Presque Isle State Park has 11 beautiful beaches you can explore or relax on and there are even beach concerts you can enjoy throughout the summer months. Wade into pristine Lake Erie waters or enjoy other recreational activities in the area, like hiking, fishing or bird watching.
Not just the name of a beer, Narragansett is also home to one of Rhode Island’s most beautiful beaches, Narragansett Town Beach. Enjoy the beautiful shoreline during the day and time it right so you can check out a beach concert on a summer evening. Daily admission starts at $10 per person and season passes are available.
Myrtle Beach has some gorgeous sand and water, as well as spots for surfing and fishing, but there’s so much more here. This resort is also home to the SkyWheel (a big ferris wheel) and other amusement park rides, a water park (as if the ocean wasn’t enough) and restaurants with stellar views. If you tire of the beach, there’s a nearby botanical garden and a nature trail you can explore.
Sylvan Lake is one of the five Custer State Park lakes. Alongside amazing views of the Black Hills, you can take a boat out onto pristine waters or go for a swim. The park gets crowded on major holidays, but you can escape the throngs of beachgoers by going on a hike or a walk on one of the lakeside paths.
Center Hill Lake, in Rock Island State Park, is where you’ll want to go to lounge by the shore. This park also has gorgeous waterfalls you can hike to and plenty of swimming holes to hit along the way.
Not far from Houston are the beaches of Galveston, most notably the beautiful one at the tip of Galveston Island, East Beach. Known for its concerts and summer festivities, this is a gem of a spot (which allows you to bring summer libations, if you so choose).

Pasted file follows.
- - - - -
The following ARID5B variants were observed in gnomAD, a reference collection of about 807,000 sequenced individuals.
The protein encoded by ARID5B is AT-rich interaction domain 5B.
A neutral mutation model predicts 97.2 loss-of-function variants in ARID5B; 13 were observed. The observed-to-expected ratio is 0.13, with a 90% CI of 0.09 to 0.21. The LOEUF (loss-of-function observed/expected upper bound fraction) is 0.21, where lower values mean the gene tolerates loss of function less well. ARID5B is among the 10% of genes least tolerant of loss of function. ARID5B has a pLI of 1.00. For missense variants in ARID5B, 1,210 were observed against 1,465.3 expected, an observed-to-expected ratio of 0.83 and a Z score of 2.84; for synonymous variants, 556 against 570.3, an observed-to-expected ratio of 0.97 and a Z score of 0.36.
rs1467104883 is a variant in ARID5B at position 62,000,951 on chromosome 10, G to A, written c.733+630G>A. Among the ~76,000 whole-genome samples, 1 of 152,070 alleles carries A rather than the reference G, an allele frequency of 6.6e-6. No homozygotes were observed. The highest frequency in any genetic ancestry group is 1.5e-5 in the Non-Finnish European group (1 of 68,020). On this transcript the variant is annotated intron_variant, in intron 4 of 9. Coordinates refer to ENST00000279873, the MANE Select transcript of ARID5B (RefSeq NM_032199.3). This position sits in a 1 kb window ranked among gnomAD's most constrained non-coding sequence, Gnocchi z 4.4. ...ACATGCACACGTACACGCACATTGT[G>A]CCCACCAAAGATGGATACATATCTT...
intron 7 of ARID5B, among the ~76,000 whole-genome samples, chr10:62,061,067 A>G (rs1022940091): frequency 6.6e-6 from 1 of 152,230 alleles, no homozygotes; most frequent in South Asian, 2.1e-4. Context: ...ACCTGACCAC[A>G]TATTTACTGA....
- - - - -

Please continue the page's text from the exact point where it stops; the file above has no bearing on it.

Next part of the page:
Head to Garden City in Northern Utah and you will see some of the most pristine, Caribbean-like water at Bear Lake. And in true Utah fashion, there is recreation of all types here — from paddleboarding and kayaking to boating and jet skiing, there are lots of fun things to do on this 109-square mile lake.
Genius tip: Bear Lake has some of the best raspberries around. Make sure you get a raspberry shake at one of the roadside stands. Your tastebuds will thank me.
At the gorgeous Lake Champlain, you can enjoy the beach during the day and camp nearby, giving you both the woods and beach experience all in one trip.
For a nice escape with a radiant view of the Chesapeake, head to Buckroe Beach. Make sure you check out the lighthouse, the only relic from the amusement park that was once there, but was torn down in 1991.
Head to Olympic National Park and enjoy the breathtaking views from Ruby Beach, which got its name for the ruby-like crystals mixed in the sand. It’s also known for its unique sea stacks and fun tide pools to explore. Try to stay for more than just the day. You won’t want to miss a sunset from Ruby Beach.
Shaw Beach at Jennings Randolph Lake not only offers gorgeous beach space, but plenty of recreation opportunities. This reservoir is a great reprieve for anyone who enjoys kicking back with their fishing pole in a beach chair. From Shaw Beach, you can catch anything from bluegill to trout, and grill it up for a perfect summer dinner. Here are some grilling tips for a safe and fun summer cookout.
North Beach was named one of the top 10 family beaches in the country, thanks in part to how spacious it is. This beach just outside downtown Racine offers 50 acres of sandy beach to enjoy — complete with palm trees and hammocks — when you aren’t out enjoying the waves of Lake Michigan.
There are some lovely beaches along the water of the Glendo Reservoir in Glendo State Park, including aptly named Sandy Beach. Not only can you relax with your feet in the sand, but there are places along here where you can camp, setting up a tent right along the water.
Summer does a lot of good things for you, but the summer solstice can mess with your money — read this to find out how (and how to prevent it) so you can really enjoy your time on the beach.